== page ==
September 25, 2017/ By: Erin Mixon

As I’m sure most of you all know, relationships are not necessarily easy.   When you think about the task of merging two lives from two different backgrounds, life experiences, and upbringings, it’s a wonder that any marriage or relationship survives…lol.

Lately, I’ve been feeling the nudge to reflect back on my last relationship…

Keep in mind I was much younger at the time, and no doubt, had a lot to learn.   When the relationship ended, you could not have told me that all the reasons for the breakup didn’t lead back to one common denominator–Him!!

Being older now–and having the insight of many years of self-reflection-I can see this is not entirely true (by a long shot, actually).  I too was a major contributing factor to the downfall of the relationship–and just as much to blame. 🙁

Lifting the Weight

This fresh insight is nothing to sneeze at, and be rest assured, it didn’t come over night…It took many years of working on myself and digging through and working on my “stuff” to see this revelation brought to light…But when it finally came forth..this new, more insightful perspective was a cleansing and a relief to my spirit.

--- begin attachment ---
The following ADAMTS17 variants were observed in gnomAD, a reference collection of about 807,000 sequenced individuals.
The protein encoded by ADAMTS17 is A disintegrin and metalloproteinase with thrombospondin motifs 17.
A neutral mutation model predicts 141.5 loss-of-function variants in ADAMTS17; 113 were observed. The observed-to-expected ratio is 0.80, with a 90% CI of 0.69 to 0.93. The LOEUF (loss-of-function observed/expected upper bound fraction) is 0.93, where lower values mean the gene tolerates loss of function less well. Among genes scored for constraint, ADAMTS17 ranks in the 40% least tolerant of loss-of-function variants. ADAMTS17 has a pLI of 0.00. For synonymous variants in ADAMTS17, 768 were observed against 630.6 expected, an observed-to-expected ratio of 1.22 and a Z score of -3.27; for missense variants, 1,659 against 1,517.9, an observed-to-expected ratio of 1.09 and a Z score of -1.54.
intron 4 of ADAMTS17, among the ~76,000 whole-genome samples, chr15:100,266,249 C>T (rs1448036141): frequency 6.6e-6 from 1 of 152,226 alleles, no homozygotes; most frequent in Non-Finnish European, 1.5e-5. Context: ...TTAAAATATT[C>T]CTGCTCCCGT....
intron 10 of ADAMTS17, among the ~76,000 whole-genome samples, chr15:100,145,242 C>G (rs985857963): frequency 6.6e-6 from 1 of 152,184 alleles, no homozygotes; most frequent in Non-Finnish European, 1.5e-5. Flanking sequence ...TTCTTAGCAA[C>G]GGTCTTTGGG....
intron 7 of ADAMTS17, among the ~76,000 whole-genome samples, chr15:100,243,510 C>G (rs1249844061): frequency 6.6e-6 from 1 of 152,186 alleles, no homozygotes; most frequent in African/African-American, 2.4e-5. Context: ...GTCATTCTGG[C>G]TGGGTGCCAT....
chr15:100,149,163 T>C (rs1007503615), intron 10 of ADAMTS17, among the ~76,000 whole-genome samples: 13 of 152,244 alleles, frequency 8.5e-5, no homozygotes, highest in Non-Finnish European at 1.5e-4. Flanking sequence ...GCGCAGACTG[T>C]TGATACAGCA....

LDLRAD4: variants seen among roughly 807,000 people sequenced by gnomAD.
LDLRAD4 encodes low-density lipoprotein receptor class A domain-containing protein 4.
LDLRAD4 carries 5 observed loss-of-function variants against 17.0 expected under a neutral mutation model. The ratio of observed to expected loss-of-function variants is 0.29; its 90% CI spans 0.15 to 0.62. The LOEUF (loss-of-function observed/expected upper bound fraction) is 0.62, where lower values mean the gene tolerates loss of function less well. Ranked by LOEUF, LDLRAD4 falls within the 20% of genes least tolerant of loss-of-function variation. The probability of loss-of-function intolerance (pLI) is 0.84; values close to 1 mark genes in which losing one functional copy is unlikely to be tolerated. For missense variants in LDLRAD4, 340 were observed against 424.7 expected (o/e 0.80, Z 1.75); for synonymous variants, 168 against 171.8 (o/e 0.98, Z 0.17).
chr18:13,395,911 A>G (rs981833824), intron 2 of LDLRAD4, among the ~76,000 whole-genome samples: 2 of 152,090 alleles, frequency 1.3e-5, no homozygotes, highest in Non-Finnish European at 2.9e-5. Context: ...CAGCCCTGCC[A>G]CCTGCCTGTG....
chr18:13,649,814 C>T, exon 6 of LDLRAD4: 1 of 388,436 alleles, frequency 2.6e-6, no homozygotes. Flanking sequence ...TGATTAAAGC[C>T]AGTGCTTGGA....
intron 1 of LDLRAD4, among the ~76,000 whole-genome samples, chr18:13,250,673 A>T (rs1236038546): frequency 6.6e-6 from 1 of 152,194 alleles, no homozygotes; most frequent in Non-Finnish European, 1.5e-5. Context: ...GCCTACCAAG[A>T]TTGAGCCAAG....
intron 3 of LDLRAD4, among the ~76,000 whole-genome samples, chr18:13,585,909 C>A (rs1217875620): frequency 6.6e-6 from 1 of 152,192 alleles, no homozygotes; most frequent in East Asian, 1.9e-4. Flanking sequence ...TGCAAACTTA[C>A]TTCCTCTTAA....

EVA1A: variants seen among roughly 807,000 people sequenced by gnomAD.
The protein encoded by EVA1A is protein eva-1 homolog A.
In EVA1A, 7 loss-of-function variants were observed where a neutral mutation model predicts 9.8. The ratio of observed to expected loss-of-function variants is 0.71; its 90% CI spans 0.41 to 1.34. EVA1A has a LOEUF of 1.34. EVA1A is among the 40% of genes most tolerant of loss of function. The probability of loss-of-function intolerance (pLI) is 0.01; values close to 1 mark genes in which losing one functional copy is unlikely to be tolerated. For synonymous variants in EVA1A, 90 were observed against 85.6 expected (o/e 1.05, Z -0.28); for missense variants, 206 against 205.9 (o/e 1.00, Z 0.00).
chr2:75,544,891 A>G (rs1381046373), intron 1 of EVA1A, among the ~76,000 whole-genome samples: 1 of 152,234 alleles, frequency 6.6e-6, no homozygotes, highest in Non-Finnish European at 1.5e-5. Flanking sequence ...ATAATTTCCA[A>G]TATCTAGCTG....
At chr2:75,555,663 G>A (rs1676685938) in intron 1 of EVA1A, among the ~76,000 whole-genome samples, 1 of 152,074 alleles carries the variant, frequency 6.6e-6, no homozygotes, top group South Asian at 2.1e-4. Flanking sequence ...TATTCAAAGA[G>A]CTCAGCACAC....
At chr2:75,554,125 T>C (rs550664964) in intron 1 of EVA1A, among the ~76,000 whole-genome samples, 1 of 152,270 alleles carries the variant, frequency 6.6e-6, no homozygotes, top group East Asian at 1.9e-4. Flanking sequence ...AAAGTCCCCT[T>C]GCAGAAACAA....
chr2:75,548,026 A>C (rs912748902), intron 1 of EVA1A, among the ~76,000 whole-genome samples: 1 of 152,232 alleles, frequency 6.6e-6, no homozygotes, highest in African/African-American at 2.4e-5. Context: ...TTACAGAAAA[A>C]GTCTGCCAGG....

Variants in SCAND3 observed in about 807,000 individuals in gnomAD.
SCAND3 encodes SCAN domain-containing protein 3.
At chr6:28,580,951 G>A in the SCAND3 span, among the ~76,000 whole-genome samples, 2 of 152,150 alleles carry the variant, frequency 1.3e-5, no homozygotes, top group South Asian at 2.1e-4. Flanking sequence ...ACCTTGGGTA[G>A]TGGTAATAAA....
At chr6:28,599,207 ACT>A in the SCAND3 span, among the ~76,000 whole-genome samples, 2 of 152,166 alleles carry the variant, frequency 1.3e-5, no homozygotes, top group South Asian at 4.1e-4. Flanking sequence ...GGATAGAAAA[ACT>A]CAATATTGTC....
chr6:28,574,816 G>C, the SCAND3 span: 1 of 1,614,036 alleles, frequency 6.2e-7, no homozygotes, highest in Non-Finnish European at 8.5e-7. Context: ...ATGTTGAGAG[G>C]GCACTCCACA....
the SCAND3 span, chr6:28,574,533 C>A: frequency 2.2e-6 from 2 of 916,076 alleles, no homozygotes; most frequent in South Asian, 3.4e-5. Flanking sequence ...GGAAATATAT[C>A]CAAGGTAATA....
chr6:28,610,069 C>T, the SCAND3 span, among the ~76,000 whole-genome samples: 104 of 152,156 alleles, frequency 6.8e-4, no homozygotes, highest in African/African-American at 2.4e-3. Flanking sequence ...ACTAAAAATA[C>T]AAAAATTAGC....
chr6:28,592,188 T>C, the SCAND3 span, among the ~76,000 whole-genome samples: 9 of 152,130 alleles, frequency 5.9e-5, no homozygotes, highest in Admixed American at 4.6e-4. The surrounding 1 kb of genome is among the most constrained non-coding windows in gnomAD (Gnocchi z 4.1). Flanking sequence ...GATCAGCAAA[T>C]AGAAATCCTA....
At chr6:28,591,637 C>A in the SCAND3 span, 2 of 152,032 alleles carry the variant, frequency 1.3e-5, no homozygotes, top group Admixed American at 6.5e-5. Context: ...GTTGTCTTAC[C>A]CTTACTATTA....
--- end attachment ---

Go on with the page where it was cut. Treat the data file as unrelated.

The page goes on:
It helped me to let go of so much of the emotional baggage that I carried–which held me back from breaking through to a higher state of being and evolving.

Owning up

I realized that I would never be able to move on to another, more whole, more suitable relationship until I began to take responsibility for the part I played in the downfall of the last one.   Not only would I not be able to move on, but I would not have shown myself to be worthy.

Rather than focusing on what I perceived to be all his mistakes and shortcomings, I had to own up to my part in it all.

I’ve come to know that this is a key part in the healing process of every past failed relationship (and not just romantic).   But not only is it a key part of the healing process…it is a key part of the growth process…for you to evolve as a full human being.

Doing the Work

If you’ve recently ended a relationship and feel as though you took absolutely no part in the downfall, I can assure you that you’re wrong.  In fact, the more foreign this concept sounds is likely an indication of the depth of work and introspection that needs to be explored on your part.

I encourage you to take stock of the factors you may be overlooking and to get about the business of doing the work.